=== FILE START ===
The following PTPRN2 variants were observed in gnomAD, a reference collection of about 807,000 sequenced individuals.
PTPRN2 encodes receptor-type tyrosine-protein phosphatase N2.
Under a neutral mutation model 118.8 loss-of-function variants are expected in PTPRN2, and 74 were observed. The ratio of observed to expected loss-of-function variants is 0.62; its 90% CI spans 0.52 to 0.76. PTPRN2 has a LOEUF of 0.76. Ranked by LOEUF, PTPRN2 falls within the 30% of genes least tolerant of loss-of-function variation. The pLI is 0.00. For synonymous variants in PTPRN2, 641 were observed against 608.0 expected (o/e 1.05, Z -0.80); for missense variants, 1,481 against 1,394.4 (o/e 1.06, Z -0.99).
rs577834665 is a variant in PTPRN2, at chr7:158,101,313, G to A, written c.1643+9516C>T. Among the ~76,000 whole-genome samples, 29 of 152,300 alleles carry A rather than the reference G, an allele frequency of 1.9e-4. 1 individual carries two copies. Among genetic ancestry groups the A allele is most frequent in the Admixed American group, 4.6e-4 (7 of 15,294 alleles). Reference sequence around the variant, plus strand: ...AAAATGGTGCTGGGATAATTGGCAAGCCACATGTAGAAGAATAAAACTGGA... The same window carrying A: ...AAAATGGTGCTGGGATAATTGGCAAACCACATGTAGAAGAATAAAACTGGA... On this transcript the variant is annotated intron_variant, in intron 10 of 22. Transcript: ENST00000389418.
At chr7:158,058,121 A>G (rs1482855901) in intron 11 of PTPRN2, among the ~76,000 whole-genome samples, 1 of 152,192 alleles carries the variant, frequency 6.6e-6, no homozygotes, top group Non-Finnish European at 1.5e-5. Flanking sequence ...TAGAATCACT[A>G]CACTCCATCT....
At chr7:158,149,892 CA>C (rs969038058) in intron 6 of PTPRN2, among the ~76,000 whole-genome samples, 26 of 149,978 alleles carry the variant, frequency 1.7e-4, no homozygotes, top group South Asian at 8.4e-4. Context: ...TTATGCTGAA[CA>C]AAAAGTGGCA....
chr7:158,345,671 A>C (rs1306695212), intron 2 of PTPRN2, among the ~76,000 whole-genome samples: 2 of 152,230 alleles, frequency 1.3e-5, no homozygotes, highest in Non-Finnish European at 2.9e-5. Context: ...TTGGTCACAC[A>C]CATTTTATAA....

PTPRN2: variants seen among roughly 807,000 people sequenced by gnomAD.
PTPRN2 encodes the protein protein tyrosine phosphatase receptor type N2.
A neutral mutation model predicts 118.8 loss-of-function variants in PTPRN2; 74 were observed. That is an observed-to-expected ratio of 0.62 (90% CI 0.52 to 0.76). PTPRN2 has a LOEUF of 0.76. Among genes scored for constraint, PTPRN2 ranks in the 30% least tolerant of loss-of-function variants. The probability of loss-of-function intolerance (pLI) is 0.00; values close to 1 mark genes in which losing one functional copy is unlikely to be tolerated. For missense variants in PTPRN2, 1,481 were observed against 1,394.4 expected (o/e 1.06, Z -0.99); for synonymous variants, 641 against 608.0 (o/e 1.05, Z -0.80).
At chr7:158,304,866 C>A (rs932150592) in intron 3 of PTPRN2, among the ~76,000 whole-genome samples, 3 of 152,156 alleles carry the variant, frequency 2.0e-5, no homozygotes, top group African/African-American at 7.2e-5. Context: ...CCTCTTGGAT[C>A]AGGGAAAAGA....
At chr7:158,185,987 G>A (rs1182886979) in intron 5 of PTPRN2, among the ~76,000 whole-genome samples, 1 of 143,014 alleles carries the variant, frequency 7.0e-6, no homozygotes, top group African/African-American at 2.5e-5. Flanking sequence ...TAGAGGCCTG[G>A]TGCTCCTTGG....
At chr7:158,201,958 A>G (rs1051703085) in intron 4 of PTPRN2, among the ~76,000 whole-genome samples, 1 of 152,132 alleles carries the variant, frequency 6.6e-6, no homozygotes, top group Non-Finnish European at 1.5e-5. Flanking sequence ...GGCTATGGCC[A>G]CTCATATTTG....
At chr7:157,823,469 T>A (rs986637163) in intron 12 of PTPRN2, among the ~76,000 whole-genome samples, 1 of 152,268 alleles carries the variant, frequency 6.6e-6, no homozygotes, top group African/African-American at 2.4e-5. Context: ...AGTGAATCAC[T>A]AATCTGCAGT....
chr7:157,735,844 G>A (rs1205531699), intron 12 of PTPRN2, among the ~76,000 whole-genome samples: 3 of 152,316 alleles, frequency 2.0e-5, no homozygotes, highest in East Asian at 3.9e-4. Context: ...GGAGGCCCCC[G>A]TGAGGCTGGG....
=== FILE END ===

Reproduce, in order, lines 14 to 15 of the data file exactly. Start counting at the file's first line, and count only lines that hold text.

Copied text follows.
At chr7:157,823,469 T>A (rs986637163) in intron 12 of PTPRN2, among the ~76,000 whole-genome samples, 1 of 152,268 alleles carries the variant, frequency 6.6e-6, no homozygotes, top group African/African-American at 2.4e-5. Context: ...AGTGAATCAC[T>A]AATCTGCAGT....
chr7:157,735,844 G>A (rs1205531699), intron 12 of PTPRN2, among the ~76,000 whole-genome samples: 3 of 152,316 alleles, frequency 2.0e-5, no homozygotes, highest in East Asian at 3.9e-4. Context: ...GGAGGCCCCC[G>A]TGAGGCTGGG....